In a public meeting punctuated by loud interruptions from the audience, several area residents spoke against what they say is unjust treatment of one of Douglas County’s elected leaders by her two colleagues, pointing to a rift accentuated by personal attacks.
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“Today, I was told I was bananas and told I needed to stop standing on my soapbox and stop yelling into the abyss,” Lora Thomas, a Douglas County commissioner, said during the March 14 meeting.
Much of the crowd consisted of people who support Thomas and took issue with the other two commissioners launching investigations against her, removing her from serving on outside leadership boards in the community and opposing her preference for whom to appoint to the county Planning Commission, a body of citizens who give input on property development decisions. About a dozen speakers criticized the commissioners’ conduct, with many taking issue specifically with Commissioners Abe Laydon and George Teal.
A couple of attendees floated the idea of a recall election, where residents would vote on whether to remove an official from office, a suggestion that garnered applause from the crowd.
And while the meeting didn’t see evidence of gender-based comments from Laydon and Teal specifically, several speakers said their actions amounted to mistreating Thomas because she is a woman.
Kay Michelsen, of Highlands Ranch, described the treatment toward Thomas as “misogynistic, caustic cocktails of meanness.”
Laydon told the audience he supports strong leaders, “especially women,” pointing to some county staff.
But he characterized Thomas as causing problems in different government workplaces over the years.
In response to the audience’s complaints, Laydon said: “This woman will get whatever she wants when she starts acting with respect.”
One man who said he’s a resident of Castle Rock and filed open-records requests stood at the lectern and played audio — apparently from a commissioners’ meeting — of what appears to be Teal saying Thomas doesn’t “have the intellectual capacity to function as a part of” county leadership.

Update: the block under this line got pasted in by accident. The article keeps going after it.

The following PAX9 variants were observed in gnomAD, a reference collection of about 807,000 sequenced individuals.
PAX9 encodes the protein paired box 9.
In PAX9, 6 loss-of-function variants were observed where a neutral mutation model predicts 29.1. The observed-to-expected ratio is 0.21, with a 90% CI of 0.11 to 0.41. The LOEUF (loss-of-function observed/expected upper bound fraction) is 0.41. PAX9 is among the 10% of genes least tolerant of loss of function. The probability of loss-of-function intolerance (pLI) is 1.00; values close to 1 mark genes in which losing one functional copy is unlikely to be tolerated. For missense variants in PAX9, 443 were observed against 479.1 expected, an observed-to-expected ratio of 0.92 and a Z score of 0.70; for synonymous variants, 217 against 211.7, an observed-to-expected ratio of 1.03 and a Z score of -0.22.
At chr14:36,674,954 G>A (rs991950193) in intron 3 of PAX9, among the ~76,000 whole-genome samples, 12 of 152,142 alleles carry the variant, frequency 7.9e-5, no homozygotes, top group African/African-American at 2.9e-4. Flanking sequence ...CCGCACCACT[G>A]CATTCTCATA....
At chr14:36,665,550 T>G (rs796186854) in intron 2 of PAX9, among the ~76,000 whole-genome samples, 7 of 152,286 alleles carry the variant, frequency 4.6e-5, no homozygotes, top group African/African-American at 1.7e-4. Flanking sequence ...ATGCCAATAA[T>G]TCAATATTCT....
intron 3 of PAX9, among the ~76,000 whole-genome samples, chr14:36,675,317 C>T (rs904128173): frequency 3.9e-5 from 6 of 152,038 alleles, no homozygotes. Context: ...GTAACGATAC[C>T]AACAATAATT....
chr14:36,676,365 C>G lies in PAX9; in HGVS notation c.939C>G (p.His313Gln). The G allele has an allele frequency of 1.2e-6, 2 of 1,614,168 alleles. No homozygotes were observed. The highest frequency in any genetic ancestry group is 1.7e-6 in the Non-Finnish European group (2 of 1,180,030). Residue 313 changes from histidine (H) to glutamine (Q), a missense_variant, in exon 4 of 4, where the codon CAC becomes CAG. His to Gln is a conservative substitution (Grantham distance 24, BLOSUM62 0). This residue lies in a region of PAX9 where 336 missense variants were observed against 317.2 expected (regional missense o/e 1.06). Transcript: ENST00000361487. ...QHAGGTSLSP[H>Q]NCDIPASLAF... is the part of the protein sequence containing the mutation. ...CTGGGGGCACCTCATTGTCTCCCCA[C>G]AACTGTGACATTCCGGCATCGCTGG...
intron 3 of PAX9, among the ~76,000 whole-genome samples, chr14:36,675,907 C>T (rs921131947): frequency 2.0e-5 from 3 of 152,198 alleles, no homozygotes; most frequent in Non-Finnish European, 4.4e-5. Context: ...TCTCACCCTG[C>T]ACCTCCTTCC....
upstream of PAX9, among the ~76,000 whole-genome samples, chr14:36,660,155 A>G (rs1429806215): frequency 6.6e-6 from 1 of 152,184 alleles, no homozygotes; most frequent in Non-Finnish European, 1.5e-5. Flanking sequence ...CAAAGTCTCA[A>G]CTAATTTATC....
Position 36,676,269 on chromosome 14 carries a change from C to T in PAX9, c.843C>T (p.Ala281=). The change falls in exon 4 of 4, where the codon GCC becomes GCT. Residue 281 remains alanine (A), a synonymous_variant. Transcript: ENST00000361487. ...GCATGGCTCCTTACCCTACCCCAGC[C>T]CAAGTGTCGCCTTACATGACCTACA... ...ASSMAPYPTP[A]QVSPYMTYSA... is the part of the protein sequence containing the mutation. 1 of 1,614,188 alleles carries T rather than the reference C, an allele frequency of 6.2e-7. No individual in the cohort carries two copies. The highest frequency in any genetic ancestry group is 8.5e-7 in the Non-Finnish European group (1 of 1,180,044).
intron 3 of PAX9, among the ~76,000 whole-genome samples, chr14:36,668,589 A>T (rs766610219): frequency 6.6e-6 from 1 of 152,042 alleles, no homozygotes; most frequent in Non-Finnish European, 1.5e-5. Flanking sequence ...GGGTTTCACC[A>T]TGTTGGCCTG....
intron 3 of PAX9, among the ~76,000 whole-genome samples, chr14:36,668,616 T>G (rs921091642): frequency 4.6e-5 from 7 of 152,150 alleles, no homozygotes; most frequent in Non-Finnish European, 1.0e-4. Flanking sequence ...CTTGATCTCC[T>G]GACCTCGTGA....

“Treat her like a grownup, like a woman and like a colleague,” said the man, Michael Campbell, in one of the many statements that elicited applause from the crowd.
A man who identified himself as Pete Smith claimed Teal’s wife called Thomas an offensive word, though Smith didn’t provide evidence.
“Come on George, stand up and say you’re sorry for what your wife said,” Smith said.
Teal did not respond or comment on the accusation.
Speakers also decried postcards that were critical of Thomas that were mailed to some number of Douglas County residents over the past few months.
“I’ll just address the elephant in the room because I have heard both of you gentlemen spew the vicious vitriol and venom,” a man named Jay Longmire said. “Either of you two have any idea who sends these out?”
Laydon again said he has no connection to the postcards, and Teal did not comment on the matter during the meeting. (Teal has not returned Colorado Community Media's call for comment regarding the mailings.)
Speakers at the meeting, who addressed the audience during the public comment portion, also criticized Laydon and Teal’s removal of Thomas from outside boards and their moves to block her from serving as chair of the county commissioners.
“By two excluding one from (board positions) and chair, you have singlehandedly decided that our (voices) do not matter,” said one woman, referring to certain voters in the county.
Laydon and Teal recently voted to remove Thomas from leadership on entities including the Northwest Douglas County Chamber and Economic Development Corporation, a group that represents the local business community; the Mile High Flood District, which oversees matters such as flood management, stream mitigation and stormwater around the Denver region; and the 18th Judicial District forfeiture board. (The “forfeiture” process relates to property that is involved in a criminal or legal matter.)
The Douglas County commissioners collectively sit on about 40 boards, according to Laydon.
Laydon offered some supportive comments toward Thomas, noting they have worked together to tackle issues such as transportation and property taxes.
“I actually think Lora Thomas is incredibly organized, incredibly capable. She has a lot of thoughts and power and (ability) to move the needle,” Laydon said. He added: “We are all conservative Republicans passionate about the work of this county, and that’s what we need to be focused on.”
But Laydon did detail what he says are problems with Thomas, saying that for years she’s had conflict with people she’s worked with in other organizations.
Thomas and the Douglas County Sheriff’s Office — then under different leadership — experienced a rift years ago, including during Thomas’ tenure as Douglas County coroner, according to CCM reporting from 2011.
Thomas has “lost the trust of her Board and co-workers on multiple occasions,” Laydon wrote in a newsletter sent out shortly before the March 14 meeting.
She “has demonstrably failed to represent the county well in the public space, resorting to constant clumsy attempts to undermine fellow Republicans, including her own Board — which has done irrevocable damage to her own credibility,” Laydon wrote. “This is why she was removed from these board appointments; if we receive more negative feedback regarding her conduct, she will be removed from more boards.”